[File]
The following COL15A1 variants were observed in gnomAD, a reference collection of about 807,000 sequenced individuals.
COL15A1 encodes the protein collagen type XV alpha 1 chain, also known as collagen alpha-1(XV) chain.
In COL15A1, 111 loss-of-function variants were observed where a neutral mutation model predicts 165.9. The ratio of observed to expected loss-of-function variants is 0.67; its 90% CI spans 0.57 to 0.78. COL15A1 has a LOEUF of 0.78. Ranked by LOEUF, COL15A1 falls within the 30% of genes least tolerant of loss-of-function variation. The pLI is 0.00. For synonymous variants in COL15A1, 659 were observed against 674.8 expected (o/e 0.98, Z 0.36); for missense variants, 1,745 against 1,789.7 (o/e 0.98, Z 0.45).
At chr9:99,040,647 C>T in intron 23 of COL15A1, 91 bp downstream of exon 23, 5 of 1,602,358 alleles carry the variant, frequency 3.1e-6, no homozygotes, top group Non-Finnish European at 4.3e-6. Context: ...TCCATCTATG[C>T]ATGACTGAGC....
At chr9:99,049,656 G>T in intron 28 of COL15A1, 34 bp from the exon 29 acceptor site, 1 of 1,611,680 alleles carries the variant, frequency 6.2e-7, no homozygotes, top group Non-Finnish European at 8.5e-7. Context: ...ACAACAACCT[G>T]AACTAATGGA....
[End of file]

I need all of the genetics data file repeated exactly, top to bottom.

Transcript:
The following COL15A1 variants were observed in gnomAD, a reference collection of about 807,000 sequenced individuals.
COL15A1 encodes the protein collagen type XV alpha 1 chain, also known as collagen alpha-1(XV) chain.
In COL15A1, 111 loss-of-function variants were observed where a neutral mutation model predicts 165.9. The ratio of observed to expected loss-of-function variants is 0.67; its 90% CI spans 0.57 to 0.78. COL15A1 has a LOEUF of 0.78. Ranked by LOEUF, COL15A1 falls within the 30% of genes least tolerant of loss-of-function variation. The pLI is 0.00. For synonymous variants in COL15A1, 659 were observed against 674.8 expected (o/e 0.98, Z 0.36); for missense variants, 1,745 against 1,789.7 (o/e 0.98, Z 0.45).
At chr9:99,040,647 C>T in intron 23 of COL15A1, 91 bp downstream of exon 23, 5 of 1,602,358 alleles carry the variant, frequency 3.1e-6, no homozygotes, top group Non-Finnish European at 4.3e-6. Context: ...TCCATCTATG[C>T]ATGACTGAGC....
At chr9:99,049,656 G>T in intron 28 of COL15A1, 34 bp from the exon 29 acceptor site, 1 of 1,611,680 alleles carries the variant, frequency 6.2e-7, no homozygotes, top group Non-Finnish European at 8.5e-7. Context: ...ACAACAACCT[G>T]AACTAATGGA....